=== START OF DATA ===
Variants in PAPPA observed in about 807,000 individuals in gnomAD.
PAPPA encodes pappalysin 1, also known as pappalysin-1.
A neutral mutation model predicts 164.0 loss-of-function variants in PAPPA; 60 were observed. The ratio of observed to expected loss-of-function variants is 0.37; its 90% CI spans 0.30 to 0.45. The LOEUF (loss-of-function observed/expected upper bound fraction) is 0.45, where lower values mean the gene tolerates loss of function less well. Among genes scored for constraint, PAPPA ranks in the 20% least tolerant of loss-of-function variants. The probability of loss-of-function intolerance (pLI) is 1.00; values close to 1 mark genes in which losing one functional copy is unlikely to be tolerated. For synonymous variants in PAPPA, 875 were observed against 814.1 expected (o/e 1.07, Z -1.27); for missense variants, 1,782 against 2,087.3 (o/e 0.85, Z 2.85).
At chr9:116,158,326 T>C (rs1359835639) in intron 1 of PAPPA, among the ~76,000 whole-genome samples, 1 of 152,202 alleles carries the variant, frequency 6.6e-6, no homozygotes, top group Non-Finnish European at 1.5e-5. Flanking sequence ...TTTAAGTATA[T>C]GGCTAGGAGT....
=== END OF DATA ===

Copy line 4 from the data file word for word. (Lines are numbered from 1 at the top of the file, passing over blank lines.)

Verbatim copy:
At chr9:116,158,326 T>C (rs1359835639) in intron 1 of PAPPA, among the ~76,000 whole-genome samples, 1 of 152,202 alleles carries the variant, frequency 6.6e-6, no homozygotes, top group Non-Finnish European at 1.5e-5. Flanking sequence ...TTTAAGTATA[T>C]GGCTAGGAGT....